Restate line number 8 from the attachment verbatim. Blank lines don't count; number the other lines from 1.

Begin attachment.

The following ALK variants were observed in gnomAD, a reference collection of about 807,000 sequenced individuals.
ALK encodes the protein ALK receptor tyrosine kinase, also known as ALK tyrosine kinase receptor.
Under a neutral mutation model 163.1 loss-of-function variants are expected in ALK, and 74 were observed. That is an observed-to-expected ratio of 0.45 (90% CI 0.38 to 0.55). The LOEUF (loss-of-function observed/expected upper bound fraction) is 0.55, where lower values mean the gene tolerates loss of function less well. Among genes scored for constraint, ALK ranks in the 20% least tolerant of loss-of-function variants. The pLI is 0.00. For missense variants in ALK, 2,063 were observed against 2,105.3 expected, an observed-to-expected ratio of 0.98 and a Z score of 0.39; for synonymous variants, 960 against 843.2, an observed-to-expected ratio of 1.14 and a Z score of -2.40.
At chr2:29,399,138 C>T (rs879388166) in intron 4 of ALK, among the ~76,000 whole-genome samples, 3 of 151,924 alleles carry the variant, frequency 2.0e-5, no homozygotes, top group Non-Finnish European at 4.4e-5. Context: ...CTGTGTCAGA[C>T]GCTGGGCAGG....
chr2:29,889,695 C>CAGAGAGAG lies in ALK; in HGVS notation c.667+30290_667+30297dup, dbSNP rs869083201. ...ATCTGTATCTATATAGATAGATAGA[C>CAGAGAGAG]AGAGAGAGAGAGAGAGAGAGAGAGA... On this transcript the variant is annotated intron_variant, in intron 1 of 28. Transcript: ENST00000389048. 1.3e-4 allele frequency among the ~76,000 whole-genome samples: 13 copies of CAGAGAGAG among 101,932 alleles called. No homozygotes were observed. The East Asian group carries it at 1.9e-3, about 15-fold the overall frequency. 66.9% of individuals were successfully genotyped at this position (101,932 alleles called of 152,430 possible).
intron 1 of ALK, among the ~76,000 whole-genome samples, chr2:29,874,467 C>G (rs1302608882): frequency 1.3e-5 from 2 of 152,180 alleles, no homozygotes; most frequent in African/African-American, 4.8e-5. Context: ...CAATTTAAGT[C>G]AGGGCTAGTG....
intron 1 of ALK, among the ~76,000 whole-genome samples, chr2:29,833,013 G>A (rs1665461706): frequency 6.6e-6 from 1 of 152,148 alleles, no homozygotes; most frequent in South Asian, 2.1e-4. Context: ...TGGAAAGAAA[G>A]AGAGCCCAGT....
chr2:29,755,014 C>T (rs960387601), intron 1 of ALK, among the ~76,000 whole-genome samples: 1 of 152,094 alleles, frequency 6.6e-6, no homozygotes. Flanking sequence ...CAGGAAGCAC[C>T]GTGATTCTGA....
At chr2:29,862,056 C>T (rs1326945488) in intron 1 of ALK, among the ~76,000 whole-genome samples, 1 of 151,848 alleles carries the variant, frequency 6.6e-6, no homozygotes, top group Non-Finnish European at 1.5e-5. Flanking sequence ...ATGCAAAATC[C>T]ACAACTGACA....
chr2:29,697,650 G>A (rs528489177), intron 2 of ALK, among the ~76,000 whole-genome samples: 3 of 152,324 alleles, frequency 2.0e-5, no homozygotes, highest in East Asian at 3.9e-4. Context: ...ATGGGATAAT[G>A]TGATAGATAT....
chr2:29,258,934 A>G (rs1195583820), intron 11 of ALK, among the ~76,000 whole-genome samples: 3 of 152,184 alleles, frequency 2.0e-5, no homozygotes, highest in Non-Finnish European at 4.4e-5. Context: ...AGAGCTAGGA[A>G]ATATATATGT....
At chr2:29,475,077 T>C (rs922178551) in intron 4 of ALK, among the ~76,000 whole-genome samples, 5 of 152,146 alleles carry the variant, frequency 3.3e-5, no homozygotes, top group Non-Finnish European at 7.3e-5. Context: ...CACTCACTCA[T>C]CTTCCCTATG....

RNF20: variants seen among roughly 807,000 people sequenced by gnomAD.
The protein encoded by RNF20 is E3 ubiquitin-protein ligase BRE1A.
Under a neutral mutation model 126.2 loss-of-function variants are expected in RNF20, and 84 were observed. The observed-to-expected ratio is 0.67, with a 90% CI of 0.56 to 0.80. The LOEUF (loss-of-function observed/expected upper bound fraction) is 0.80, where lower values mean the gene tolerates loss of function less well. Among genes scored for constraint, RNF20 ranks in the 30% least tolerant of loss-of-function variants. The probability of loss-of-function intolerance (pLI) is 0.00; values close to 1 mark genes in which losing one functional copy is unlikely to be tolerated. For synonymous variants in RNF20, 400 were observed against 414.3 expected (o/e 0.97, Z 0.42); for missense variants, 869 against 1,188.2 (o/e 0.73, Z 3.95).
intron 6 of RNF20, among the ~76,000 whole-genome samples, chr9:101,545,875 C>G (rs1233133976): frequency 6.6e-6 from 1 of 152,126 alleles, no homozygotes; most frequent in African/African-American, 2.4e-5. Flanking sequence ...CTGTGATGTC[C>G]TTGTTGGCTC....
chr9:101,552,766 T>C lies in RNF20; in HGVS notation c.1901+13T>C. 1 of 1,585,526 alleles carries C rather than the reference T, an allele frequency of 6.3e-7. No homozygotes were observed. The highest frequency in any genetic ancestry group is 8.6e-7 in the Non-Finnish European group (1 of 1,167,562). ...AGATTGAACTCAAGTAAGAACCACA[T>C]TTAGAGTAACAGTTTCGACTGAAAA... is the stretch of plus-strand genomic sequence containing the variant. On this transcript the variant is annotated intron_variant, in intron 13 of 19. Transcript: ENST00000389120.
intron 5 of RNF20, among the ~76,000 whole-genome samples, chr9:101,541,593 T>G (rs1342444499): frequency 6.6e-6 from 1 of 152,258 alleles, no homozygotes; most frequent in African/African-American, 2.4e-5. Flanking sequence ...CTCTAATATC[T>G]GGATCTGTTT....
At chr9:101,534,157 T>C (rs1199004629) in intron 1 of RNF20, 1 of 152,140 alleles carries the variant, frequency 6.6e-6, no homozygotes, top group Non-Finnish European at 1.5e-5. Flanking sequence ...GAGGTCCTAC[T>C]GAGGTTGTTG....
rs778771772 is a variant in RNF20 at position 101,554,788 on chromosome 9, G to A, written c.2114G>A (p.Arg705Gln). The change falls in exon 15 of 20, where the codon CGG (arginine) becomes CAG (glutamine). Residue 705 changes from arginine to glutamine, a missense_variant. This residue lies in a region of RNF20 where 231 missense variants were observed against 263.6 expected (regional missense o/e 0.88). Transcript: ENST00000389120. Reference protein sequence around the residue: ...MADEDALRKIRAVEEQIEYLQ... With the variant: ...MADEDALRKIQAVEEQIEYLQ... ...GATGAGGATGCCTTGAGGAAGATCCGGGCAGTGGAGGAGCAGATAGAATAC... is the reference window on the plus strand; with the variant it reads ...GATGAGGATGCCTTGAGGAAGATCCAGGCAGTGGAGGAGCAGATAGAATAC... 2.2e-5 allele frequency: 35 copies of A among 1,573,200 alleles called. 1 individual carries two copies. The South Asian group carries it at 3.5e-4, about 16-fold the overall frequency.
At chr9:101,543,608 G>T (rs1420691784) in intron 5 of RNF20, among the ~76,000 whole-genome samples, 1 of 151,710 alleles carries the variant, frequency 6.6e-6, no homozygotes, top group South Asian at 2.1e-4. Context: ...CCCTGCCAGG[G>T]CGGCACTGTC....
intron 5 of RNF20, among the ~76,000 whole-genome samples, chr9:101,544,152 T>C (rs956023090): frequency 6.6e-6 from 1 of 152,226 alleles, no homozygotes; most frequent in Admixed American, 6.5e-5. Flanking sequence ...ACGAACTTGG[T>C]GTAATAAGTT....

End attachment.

chr2:29,755,014 C>T (rs960387601), intron 1 of ALK, among the ~76,000 whole-genome samples: 1 of 152,094 alleles, frequency 6.6e-6, no homozygotes. Flanking sequence ...CAGGAAGCAC[C>T]GTGATTCTGA....